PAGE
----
Give your apps room to grow by enabling public distribution. Distribution will allow workspaces of all shapes and sizes to install and enjoy your app.
Before you let your app loose, prepare it for the wide world by following this guide. We'll show you how to handle widespread installation, and explain some of the pre-requisites and caveats of distribution.
Before your app can soar from workspace to workspace, there's some preparation required.
When first created, your app can be installed to its associated workspace without any code for handling authorization.
The one-click install of a single-workspace app generates an access token. That access token can then be used to authenticate all sorts of API requests, but only within that associated workspace.
When you're planning to share your app with other workspaces - whether one or one thousand - you need to handle authorization. This will allow your app to be installed to any arbitrary workspace, generating and using an access token programmatically.
This process works using the familiar protocol of OAuth 2.0. Read our guide to using OAuth to understand the flow required for your app to request permissions and generate access tokens on the fly.
Once in the wild, your app could be installed to a Slack organisation that uses Enterprise Grid. So it makes sense to understand how Grid can affect the way your app works, to prevent buggy behavior.
Read our guide to supporting Enterprise Grid in apps to prepare properly.
Onboarding users is an important consideration for any app. For those apps that are publicly distributed, it is especially crucial—your user base could grow from a single workspace to potentially hundreds.
While it might be simpler to provide direct, hands-on support with a single workspace, this won't scale once your app is shared with multiple workspaces.
Creating a helpful and engaging onboarding flow will help your potential users become experts without any hands-on support.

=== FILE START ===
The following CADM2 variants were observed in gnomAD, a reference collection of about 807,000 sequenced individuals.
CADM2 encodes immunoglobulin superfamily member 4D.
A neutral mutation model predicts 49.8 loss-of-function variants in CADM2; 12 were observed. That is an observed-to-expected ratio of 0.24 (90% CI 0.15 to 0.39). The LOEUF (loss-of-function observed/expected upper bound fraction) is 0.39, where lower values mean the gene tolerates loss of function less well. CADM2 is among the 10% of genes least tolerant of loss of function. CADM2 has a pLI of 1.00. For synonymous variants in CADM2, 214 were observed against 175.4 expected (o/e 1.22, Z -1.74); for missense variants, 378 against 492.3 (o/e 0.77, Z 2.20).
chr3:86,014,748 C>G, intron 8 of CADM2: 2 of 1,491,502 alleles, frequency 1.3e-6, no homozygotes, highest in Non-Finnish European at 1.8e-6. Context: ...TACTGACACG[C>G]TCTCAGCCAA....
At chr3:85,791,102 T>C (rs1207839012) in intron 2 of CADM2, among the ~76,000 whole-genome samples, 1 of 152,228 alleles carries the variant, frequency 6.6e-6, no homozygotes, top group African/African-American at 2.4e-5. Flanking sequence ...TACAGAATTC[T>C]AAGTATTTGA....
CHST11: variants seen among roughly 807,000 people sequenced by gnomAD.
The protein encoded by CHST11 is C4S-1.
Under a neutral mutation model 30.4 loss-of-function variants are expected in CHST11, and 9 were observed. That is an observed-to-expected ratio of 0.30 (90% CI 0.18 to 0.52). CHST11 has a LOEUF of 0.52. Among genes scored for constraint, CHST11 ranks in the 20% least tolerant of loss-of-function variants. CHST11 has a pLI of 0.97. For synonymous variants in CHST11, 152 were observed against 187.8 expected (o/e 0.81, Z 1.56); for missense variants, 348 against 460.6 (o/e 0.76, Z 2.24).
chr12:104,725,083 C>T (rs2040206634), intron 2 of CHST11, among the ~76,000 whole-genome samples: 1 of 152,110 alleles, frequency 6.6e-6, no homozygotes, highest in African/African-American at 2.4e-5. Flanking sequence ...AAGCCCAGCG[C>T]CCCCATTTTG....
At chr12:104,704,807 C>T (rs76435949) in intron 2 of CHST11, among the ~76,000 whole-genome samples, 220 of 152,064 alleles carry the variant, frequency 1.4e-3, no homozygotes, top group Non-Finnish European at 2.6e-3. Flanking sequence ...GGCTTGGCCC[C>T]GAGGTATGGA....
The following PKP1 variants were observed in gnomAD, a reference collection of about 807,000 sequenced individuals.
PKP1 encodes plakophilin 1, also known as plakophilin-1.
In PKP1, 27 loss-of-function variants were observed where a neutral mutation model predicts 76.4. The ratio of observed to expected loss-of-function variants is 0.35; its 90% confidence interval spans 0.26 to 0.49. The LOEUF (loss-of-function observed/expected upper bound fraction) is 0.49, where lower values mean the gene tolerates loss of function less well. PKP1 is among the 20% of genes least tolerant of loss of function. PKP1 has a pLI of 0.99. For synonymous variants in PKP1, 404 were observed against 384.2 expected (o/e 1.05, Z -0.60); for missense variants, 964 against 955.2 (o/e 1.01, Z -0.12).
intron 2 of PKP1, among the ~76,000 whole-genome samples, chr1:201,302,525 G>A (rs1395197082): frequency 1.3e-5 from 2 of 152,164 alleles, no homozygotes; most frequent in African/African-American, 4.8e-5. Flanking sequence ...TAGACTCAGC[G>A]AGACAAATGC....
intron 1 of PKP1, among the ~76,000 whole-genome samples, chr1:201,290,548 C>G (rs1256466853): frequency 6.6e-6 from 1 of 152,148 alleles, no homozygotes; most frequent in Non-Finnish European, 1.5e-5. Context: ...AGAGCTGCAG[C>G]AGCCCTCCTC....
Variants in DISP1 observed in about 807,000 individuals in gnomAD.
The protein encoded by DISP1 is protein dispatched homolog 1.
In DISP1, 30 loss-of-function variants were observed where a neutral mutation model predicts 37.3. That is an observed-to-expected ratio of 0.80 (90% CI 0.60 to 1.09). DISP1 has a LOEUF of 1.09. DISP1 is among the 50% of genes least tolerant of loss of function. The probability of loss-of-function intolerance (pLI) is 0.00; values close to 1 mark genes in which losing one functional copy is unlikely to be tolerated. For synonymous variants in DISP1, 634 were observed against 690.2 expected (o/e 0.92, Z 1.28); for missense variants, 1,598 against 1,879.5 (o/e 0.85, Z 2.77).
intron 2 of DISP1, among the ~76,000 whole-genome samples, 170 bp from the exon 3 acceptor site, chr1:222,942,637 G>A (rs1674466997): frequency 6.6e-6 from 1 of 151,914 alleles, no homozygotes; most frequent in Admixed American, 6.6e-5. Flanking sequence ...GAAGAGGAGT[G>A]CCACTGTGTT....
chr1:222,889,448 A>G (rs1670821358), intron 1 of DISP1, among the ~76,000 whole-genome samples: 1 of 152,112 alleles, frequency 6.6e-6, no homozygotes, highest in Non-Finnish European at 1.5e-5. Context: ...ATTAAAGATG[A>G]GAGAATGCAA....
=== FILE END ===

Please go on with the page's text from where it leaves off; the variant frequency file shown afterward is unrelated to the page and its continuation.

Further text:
Slack apps open to installation by other workspaces have additional security requirements. Your app must support SSL for all:
Some workspaces will restrict app installation so that only workspace administrators can provide authorization. Other workspaces may only allow the installation of apps officially listed in the Slack app directory.
Workspaces can also enable admin approval features where users can't directly install apps but can solicit for installation through a guided interface. Administrators may then screen these requests and selectively approve for installation.
We don't have any technical guidelines for handling this, your app either will or won't be approved. However, ensuring that your app design and interactions follow our guidelines might improve your chances of admin approval.
The list of permissions that an app requests will also be important to the decision an admin makes—ensure that your app only requests permissions it absolutely needs.
If you think you're ready to takeoff, it's very simple for your app to launch into the world of public distribution:
That's it! Your app is now soaring through the skies of the Slack app ecosystem. We hope your journey is a great success.
If you want to take it another step further, read our guide to distributing your app in the Slack App Directory.
After distribution has been activated you have the option of deactivating by clicking on the Deactivate Public Distribution button in the same location you enabled it above.
This will remove the app from any workspaces that have installed it, aside from the originally associated workspace.
You can not deactivate distribution in this way after your app is published in the App Directory. Follow the instructions in the App Directory guide to discontinue your listing.